Tell us something about your upcoming films? Which movies are you writing?

I have so many originals that I’m dying to do so there’s going to be a big line up of that. There are a couple of web series and films in the pipeline that I’ve been wanting to start for a while. There’s ‘Rangeen Romeo’, which is a rom-com, ‘Sipahi: Volume I’, which is a mind bending action thriller, ‘Maar Dhad Samachar’, which is an edge of the seat thriller and a couple of others which will be announced soon. There’s also ‘Skyforce’ starring Akshay Kumar, which is jointly directed by Sandeep Kewlani and Abhishek Kapoor on which I have done the additional screenplay and dialogues.

Any specific genre that you’ll like to dabble into as a writer?

Romance, sci-fi, horror and you’ll see a lot of it in the upcoming stories I’m working on.

As we all know, ‘Bholaa’ is going to be a Universe film. So what are the preparations for its next edition? And when will the next part be out?

It’s too early to comment on this right now. All at the right time.

You started as a writer. Do you want to eventually become a director?

Of course! The thing is that I’ve been a director. I used to direct a lot of my plays in theatre and I have directed a couple of music videos and commercials here. Not many people know this but I started out as an editor in this industry. I still believe I’m a better editor than writer. Writing and editing are two of the three holy pillars of film making. The third being direction. Direction, again is all about storytelling.

Do you think you’re getting better at exploring the complexities of layered narratives, of your style of back-and-forth storytelling? 

Only the audience can answer that. I know I’m praying and trying and that’s all that one can do. With each film, with each story, there are things you learn and there are things you unlearn. You may get better at the technique but what’s important is to be receptive to the feedback you get, even while writing new stories. If five people give me the same criticism then I would like to believe there’s merit to the argument and see what can be done about it. The back and forth style owes its origin to Christopher Nolan, who uses a lot of non-linear storytelling in his films that I’m a big fan of. Ditto for Tarantino, who I still believe is the master when it comes to dialogues. Then there’s Vince Gilligan who is a master when it comes to world building and characters. Back home, I’m a big Salim-Javed and Kader Khan fan.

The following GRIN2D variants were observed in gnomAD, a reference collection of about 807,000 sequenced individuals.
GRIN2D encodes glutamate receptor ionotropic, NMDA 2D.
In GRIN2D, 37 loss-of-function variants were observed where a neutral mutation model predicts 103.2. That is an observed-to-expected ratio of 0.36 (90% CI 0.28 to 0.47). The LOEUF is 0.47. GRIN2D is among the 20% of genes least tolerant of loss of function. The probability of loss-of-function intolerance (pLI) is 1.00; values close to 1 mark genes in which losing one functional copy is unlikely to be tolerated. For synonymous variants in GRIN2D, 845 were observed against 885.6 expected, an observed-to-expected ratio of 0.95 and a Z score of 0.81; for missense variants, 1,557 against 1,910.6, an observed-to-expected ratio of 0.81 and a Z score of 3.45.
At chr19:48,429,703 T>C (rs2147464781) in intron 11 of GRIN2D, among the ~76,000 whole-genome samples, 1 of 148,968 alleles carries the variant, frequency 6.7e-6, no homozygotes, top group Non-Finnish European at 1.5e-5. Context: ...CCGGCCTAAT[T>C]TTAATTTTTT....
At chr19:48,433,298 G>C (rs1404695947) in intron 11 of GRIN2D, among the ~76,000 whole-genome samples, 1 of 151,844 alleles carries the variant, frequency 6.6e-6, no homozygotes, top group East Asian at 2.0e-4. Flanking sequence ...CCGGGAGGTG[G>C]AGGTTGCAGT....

Rehearsals and actors are a big backbone of any film. Do you think Indian writers have any control over casting, rehearsals, or can they later contribute to this aspect at any stage?

I don’t know about others, but I’ve been fortunate that all my collaborators ask me who I see in which role and more often than not, they agree. Writers and actors are two sides of the same coin. I think it’s very effective to have writers on set where they can explain to the actors the rhythm that they have in mind. Since actors are a lot like singers, the best ones know how to sing their lines, when to pause, how much to pause, and how to throw their lines, there’s volume, pitch, tempo, so much to play with.

Any actor on your wish list that you’d like to write a script for? And if so, what style of script would you like to write for that actor?

Oh many! I will pay a million bucks to watch Ajay sir and Shah Rukh Khan in a movie. I’m also a huge Irrfan Khan fan but unfortunately that collaboration never happened. I also appreciate Manoj Bajpayee, Nana Patekar, Ranbir Kapoor, Deepika Padukone, Nawazuddin Siddiqui and Ayushmann Khurrana.